While a senior at Circleville High School in 1959, the students
were asked in public speaking class to give a speech on a
I chose "Flying saucers" (as they
were popularly called back then) because of my personal interest in
doing research. I discovered that a prominent Pickaway County
farmer, Bruce Stevenson, as a ground observer, had an impressive
flying saucer sighting in February, 1948. As part of the
assignment, I found him to be a very credible, honest person.
The following is an account described in the
Circleville Herald March 1957 about his sighting which is
considered a very historical event by ufologists.
"After keeping his own story within his
circle of friends and relatives for several years 'because nobody in
those days seemed to consider the saucers anything but jokes,'
Stevenson revealed full details of his experience to the Herald in
1952. That was the year of the big wave of UFO sightings, including
Washington, D.C. overflights in July. Bruce's story led to
widespread discussion here on the subject of 'saucers, and also
attracted a fair amount of good natured kidding.
"He felt so deeply on the subject that
he still offered to 'swear on the Bible that I saw what I say I
did.' He felt this way: 'They can believe whatever they want to
believe, and 1 know what I saw on my farm that night.'
"'That night' happened to he a bitterly
cold one in February 1948. Glancing out a window while taking a
drink of water about 2 a.m., Stevenson noted a bright glow all over
the vicinity of his farm buildings and hurried outside expecting to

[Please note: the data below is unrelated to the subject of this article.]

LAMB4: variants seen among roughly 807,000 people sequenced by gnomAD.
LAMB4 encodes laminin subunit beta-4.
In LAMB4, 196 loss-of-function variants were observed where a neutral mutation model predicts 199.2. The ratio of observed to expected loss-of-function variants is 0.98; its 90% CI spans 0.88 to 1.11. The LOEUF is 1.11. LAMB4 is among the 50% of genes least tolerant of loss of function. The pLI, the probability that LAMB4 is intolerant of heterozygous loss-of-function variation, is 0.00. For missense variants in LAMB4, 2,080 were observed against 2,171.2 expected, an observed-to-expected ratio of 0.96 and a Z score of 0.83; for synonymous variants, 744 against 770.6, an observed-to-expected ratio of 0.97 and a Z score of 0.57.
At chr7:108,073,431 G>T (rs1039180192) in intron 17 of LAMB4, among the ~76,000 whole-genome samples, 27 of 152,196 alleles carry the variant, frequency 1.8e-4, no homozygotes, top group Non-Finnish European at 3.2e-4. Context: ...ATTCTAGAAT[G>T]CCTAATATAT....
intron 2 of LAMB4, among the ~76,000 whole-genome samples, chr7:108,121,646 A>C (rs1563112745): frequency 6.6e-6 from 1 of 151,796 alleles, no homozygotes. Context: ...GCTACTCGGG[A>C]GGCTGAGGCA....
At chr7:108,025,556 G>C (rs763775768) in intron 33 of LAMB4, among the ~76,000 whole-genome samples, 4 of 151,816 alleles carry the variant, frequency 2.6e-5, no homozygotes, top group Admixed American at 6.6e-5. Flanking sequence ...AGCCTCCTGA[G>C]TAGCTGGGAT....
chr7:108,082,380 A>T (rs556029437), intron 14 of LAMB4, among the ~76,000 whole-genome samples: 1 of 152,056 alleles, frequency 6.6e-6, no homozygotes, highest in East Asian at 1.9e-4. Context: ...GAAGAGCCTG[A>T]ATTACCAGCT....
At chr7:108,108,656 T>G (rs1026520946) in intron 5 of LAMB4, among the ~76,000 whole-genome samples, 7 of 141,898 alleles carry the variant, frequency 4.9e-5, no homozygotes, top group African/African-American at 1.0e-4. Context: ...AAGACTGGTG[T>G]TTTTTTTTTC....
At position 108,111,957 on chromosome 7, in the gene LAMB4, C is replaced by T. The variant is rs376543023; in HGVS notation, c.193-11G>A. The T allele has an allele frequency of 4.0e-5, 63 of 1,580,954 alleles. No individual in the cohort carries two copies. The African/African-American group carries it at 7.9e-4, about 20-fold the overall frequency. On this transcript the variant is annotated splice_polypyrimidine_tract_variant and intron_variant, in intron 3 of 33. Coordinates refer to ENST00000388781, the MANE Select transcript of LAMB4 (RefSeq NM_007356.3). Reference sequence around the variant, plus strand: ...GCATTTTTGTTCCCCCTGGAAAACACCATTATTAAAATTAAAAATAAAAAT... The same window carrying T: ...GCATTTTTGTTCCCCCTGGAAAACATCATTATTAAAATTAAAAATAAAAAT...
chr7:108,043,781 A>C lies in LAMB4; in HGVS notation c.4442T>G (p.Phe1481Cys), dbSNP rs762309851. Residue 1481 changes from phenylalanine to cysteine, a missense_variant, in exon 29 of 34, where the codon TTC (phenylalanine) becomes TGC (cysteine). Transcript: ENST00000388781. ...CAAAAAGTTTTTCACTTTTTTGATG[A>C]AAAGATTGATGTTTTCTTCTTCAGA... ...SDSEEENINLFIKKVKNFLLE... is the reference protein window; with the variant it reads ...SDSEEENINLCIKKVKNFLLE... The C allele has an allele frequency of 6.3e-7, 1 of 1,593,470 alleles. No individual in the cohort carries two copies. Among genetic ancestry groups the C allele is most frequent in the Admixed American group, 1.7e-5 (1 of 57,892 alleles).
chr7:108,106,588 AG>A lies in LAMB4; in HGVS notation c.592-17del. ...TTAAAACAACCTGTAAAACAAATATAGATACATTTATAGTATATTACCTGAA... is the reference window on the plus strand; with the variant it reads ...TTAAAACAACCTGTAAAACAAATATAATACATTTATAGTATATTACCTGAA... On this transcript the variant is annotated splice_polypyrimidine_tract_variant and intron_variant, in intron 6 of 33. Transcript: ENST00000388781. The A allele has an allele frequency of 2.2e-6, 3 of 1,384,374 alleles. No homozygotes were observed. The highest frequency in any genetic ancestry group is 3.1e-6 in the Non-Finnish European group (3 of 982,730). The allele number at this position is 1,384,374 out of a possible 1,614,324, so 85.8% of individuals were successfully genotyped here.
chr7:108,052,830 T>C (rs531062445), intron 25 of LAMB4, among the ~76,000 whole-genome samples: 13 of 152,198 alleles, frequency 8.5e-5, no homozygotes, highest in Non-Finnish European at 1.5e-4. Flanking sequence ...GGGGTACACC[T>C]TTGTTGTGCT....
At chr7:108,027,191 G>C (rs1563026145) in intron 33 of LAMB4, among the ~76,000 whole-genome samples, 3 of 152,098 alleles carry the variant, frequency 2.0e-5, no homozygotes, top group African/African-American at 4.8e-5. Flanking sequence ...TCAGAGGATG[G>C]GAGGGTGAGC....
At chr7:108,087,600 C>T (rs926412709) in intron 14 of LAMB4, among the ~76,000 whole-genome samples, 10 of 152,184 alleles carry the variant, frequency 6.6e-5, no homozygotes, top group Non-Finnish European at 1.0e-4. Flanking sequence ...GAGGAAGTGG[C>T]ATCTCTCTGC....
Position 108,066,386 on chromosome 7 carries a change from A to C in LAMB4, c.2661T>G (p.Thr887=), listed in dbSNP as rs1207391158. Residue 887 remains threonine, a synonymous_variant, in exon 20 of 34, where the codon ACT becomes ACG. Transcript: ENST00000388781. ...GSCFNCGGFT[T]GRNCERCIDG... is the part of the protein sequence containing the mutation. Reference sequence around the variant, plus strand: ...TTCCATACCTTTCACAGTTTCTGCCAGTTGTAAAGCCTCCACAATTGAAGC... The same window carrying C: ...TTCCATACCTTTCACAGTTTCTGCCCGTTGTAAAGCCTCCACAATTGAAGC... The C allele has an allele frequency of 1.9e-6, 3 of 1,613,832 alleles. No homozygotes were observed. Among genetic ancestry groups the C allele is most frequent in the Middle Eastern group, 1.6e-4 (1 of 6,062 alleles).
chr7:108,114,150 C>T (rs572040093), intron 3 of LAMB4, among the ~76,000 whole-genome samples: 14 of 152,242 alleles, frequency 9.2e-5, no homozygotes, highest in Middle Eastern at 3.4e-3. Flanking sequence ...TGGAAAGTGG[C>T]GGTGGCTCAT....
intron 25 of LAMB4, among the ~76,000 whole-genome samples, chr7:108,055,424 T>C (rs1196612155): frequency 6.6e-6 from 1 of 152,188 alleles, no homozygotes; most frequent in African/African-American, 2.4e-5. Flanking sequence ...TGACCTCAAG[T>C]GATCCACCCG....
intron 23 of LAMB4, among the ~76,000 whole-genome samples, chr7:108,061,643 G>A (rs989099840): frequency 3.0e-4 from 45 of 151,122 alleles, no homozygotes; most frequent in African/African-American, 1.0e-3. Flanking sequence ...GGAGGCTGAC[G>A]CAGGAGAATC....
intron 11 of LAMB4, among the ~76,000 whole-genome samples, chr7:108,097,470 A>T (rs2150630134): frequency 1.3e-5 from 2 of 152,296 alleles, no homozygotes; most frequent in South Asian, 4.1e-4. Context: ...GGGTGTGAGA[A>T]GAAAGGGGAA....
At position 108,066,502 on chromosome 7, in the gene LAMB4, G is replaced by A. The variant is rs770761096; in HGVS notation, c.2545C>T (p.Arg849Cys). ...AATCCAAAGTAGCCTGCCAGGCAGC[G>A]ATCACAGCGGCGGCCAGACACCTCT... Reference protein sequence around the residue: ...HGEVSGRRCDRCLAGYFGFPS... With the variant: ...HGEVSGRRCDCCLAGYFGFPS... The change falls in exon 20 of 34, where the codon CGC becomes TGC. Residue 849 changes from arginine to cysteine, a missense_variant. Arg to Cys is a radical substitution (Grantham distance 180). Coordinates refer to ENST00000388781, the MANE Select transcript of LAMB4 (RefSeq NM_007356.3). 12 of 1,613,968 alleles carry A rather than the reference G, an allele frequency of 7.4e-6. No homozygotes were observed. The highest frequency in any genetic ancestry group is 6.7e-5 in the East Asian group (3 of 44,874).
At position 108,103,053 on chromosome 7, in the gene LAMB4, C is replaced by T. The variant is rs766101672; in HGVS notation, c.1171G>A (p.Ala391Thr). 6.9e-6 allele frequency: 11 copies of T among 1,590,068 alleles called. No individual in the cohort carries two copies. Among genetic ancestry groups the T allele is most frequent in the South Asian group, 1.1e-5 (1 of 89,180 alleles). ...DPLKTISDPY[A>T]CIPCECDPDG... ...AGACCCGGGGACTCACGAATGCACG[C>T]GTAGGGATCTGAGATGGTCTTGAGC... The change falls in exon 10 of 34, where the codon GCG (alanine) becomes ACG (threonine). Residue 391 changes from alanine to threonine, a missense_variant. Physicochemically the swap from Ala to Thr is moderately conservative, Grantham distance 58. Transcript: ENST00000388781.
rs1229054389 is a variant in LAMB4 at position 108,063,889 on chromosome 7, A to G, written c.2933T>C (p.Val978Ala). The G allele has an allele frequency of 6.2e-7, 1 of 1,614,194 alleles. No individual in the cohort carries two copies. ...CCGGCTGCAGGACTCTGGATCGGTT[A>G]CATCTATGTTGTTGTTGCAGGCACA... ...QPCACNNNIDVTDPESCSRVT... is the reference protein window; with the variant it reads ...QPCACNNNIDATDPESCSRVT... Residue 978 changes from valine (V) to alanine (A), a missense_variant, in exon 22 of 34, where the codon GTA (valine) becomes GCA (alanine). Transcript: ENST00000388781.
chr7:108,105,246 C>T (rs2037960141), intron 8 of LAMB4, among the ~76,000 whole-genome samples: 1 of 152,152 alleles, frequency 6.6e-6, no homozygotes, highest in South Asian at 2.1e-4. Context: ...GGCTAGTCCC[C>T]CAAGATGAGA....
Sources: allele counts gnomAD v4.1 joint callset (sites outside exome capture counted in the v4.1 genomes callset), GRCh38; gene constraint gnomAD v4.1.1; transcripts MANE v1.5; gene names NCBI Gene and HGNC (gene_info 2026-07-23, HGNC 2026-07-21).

find them afire. Instead, he relates, he saw a large 'flying
saucer' gliding very slowly over the vicinity of his hog house and
tool barn. "It was so close to the roof of the tool house that
I was afraid it was going to knock off the large flue,"
Stevenson said. "From where I watched it, it moved without a
sound along the roof of the tool house. I'd say I was only about
100 feet from it. The moon was very bright and the ground was
covered with snow making it seem all the brighter". Standing
in the Herald's front office one day recalling his memorable
night, Stevenson said it seemed as though the 'saucer' was only
about as far away as the balcony on the Elks building directly
across Court St.
"Stevenson has told his story many
times over since he first unfolded it for the public in the
Herald. He says he remembers very clearly how:
"(a) The strange disc maintained its
very slow speed and low altitude until it faded from sight far off
to the farmer's left, while Stevenson stood in frank amazement, too
startled in the brief interval to run and awaken other members of
"(b) The dazzling orange-amber glow
which originally attracted his attention was suddenly reduced to a
'dull amber glow' inside the 'dome' of the 'saucer ' just a moment
after he came outside and began watching the eerie visitor.
"(c) The whole object was shaped much
like a broad dinner plate turned upside down with a deep sauce dish
or cup -- also inverted -- as its 'dome.'
"(d) The 'dome' was of something that
looked like plexiglass and the broad edge -- which was pretty wide
-- was of shiny silver, blinking or flashing all around the edge as
though a silent propeller or something was whirling.
"(e) The diameter of the base of the
'saucer' looked bout 60 feet, the 'silver' edge about 12 feet wide,
and the 'dome' about eight feet, rising pretty steep from the shiny
"(f) The position of the 'saucer' did
not permit a view of the under-section.
"(g) A wide silvery brim section had
'little holes of some kind' along the edge.
"And lastly, how within a mile or two
of the Stevenson farm, there have been apparently authentic reports
of 'saucers' or strange lights in the sky at least twice since
Stevenson had the experience 'I'll never forget as long as I
In the 1957 news article, Stevenson, a
highly successful farmer deeply respected for his persona [sic]
integrity, denounced as "crackpots" those public spokesmen
who scoff at the "saucer" reports without making a serious
effort to study their validity (It still goes on today).